Savvy investors expecting the Trump administration will fulfill its vow to bolster economic growth are now betting on the subsequent increased demand for offices and hotels.
The Financial Times reports that Hotel and Resort real estate investment trusts have risen about 15 percent since the election and Office Reits have jumped nearly 11 percent.
The broader S&P 500 Real Estate index has gained only 3.3 percent since November 8, while the overall market has rallied more than 10 percent.
The index is dominated by REITs, real estate investment trusts that own or finance real estate allowing investors to get exposure to the sector through owning the company’s stock.
Despite higher interest rates translating into more expensive mortgages, which can hurt the real estate industry, stronger economic growth should also bolter office-space demand.
“Analysts at Morgan Stanley point to the banking sector as an example; as financial services benefit from both political tailwinds and rising interest rates, office REITs with exposure to banks should benefit as well,” the FT reported.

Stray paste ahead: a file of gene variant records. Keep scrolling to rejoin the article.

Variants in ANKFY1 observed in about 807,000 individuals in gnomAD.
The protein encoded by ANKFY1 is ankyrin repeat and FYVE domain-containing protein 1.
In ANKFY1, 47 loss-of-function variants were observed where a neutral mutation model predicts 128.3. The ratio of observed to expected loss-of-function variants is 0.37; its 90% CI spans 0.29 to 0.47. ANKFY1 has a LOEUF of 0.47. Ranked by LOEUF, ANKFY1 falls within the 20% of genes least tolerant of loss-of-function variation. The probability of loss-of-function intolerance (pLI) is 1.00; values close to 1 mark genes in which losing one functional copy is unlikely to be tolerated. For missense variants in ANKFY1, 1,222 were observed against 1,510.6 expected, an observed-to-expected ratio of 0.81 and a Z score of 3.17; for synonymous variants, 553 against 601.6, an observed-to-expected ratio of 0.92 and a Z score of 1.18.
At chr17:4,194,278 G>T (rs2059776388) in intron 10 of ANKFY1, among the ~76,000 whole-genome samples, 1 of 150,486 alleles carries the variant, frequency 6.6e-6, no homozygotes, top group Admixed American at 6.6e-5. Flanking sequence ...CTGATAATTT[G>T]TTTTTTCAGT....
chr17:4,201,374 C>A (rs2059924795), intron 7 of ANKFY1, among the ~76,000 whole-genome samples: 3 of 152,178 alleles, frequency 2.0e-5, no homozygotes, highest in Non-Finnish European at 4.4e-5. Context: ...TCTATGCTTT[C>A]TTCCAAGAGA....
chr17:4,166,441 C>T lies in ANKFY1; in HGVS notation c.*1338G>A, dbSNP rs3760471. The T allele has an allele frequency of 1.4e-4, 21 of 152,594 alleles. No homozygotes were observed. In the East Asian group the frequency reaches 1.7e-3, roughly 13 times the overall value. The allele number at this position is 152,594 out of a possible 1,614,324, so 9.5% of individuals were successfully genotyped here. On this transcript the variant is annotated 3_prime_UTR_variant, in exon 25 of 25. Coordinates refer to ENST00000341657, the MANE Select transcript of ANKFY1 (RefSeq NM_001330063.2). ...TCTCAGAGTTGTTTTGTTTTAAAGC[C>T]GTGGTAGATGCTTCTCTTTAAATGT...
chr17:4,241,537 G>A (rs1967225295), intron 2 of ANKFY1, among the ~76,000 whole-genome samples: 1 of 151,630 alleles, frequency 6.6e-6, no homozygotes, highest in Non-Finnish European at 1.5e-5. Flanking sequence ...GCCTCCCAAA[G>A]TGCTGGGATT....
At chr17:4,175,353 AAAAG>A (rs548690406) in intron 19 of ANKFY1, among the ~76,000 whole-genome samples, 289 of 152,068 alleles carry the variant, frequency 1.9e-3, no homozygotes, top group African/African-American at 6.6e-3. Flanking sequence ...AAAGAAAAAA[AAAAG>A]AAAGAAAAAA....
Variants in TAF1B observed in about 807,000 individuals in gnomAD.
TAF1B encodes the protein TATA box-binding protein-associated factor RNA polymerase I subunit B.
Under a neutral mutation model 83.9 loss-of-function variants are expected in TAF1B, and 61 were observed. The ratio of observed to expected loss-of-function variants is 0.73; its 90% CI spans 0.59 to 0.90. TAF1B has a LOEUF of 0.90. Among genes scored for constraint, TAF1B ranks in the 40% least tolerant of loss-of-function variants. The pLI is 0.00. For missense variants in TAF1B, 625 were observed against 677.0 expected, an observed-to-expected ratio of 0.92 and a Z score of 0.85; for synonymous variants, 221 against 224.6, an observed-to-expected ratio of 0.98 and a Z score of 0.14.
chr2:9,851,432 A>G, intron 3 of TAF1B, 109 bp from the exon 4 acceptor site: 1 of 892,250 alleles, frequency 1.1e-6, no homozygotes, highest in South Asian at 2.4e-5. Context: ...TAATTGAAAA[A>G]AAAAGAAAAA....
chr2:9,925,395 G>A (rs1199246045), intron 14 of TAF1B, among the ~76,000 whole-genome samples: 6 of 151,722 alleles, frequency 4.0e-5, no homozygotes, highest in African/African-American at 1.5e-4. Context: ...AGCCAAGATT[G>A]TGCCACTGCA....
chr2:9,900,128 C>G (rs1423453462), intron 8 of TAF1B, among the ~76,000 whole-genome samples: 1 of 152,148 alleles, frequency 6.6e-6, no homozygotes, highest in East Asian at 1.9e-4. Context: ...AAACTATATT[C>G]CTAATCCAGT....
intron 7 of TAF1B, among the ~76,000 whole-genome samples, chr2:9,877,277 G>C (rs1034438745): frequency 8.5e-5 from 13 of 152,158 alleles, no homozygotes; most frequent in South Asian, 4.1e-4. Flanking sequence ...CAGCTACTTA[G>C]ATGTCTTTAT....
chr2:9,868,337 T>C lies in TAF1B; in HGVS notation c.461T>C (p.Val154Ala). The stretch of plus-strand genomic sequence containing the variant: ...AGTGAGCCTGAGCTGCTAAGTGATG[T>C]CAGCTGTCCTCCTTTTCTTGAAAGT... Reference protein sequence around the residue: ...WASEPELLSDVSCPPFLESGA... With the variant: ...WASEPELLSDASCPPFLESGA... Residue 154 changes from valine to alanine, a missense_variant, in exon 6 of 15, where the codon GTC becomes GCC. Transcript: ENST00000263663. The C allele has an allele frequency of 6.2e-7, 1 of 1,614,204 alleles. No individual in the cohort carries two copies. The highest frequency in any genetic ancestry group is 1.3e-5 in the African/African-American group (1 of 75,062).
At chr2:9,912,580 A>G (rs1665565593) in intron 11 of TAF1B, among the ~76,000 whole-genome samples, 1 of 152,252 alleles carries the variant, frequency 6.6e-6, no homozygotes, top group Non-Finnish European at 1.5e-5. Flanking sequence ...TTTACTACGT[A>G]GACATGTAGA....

Edward Mui, an analyst at Morningstar, told the FT: “It is important to step back and look at the context of why interest rates are rising. For the most part it is based off the expectation of increased or accelerating economic growth.”
But recently, office-space demand in the Big Apple has essentially soured.
Manhattan office landlords are facing falling rents and heightened competition, spurring unprecedented spending to accommodate tenants, Bloomberg reported.
Effective rents, the amount paid after concessions, slid 7 percent in the fourth quarter from the previous three months to an average of $57.18 a square foot, according to brokerage Savills Studley.
Leasing has slumped and tenants are putting more excess space on the market for subletting -- often a sign of weakness to come, Bloomberg reported.
With brand-new skyscrapers opening and companies seeking to pack more workers into less space, New York landlords are having to work harder to lure and keep tenants. Building owners are spending aggressively to make traditional partitioned offices more collaborative while adding amenities such as food areas and open-air terraces.
(Newsmax wires services contributed to this report).
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